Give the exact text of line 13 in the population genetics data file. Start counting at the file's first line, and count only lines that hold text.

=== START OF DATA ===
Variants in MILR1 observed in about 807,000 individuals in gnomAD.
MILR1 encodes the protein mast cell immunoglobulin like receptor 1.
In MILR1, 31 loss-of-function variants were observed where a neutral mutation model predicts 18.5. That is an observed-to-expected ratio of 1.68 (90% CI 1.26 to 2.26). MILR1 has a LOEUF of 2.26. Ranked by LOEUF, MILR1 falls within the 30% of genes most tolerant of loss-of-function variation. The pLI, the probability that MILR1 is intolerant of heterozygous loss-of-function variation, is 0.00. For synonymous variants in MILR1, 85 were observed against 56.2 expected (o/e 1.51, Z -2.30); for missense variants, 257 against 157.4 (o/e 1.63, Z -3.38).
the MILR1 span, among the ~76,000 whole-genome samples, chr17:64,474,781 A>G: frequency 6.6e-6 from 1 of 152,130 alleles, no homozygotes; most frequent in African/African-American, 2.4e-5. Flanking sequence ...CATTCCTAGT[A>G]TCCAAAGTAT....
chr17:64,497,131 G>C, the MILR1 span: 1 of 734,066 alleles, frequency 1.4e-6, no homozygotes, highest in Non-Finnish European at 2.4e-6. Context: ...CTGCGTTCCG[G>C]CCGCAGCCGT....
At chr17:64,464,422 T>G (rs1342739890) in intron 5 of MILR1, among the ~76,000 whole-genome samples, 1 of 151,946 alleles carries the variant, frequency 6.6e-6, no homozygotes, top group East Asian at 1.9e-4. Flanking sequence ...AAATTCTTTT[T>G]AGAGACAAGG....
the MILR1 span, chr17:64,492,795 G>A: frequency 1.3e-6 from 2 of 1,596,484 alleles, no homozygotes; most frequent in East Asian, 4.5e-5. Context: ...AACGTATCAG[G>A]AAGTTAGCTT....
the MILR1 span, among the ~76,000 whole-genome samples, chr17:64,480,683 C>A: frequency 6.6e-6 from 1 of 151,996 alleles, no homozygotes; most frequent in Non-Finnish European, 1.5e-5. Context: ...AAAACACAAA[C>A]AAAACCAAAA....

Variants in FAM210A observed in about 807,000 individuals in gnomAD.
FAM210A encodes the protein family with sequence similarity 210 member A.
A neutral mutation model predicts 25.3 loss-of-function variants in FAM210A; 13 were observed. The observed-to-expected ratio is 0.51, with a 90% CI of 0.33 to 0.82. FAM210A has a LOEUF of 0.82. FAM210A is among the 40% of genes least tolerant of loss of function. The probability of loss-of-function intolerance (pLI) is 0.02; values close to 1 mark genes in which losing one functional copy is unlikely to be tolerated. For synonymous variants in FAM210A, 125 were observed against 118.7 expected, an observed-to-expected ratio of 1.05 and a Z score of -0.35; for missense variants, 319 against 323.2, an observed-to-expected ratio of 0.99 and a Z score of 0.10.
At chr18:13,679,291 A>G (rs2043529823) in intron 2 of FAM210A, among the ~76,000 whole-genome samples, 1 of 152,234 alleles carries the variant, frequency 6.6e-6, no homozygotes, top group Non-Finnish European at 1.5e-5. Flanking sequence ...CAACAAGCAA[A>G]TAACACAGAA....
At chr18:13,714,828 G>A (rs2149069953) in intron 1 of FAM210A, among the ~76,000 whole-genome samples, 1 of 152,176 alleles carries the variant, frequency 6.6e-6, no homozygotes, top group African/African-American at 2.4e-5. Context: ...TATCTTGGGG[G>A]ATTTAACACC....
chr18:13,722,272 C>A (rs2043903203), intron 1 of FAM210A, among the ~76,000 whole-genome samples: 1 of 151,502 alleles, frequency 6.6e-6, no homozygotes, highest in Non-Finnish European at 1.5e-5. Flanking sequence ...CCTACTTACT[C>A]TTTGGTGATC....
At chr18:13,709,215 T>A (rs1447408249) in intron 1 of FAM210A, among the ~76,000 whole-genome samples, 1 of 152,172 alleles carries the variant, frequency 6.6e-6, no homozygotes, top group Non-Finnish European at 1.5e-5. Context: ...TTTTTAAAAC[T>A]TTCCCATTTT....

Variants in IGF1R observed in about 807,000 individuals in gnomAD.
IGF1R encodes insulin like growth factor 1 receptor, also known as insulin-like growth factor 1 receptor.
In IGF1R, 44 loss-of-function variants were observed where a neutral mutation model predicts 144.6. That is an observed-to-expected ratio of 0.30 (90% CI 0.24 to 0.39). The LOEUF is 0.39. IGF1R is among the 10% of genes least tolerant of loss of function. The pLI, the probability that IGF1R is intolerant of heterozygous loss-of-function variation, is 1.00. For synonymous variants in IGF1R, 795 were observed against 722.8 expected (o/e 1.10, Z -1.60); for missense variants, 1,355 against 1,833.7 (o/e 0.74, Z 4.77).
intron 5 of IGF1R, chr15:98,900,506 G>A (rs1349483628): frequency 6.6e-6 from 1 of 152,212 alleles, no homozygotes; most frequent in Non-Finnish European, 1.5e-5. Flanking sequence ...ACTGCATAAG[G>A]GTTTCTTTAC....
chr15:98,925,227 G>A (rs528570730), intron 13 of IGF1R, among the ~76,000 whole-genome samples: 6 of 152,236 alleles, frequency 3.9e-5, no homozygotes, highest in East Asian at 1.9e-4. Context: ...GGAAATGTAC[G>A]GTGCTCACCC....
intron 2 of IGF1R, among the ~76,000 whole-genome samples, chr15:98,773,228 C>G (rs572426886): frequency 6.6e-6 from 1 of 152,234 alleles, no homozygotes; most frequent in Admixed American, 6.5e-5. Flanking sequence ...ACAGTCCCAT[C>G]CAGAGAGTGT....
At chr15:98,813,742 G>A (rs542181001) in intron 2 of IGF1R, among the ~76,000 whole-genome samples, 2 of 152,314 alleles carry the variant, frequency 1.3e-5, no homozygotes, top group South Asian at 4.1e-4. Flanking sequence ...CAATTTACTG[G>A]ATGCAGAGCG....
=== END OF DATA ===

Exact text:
At chr18:13,714,828 G>A (rs2149069953) in intron 1 of FAM210A, among the ~76,000 whole-genome samples, 1 of 152,176 alleles carries the variant, frequency 6.6e-6, no homozygotes, top group African/African-American at 2.4e-5. Context: ...TATCTTGGGG[G>A]ATTTAACACC....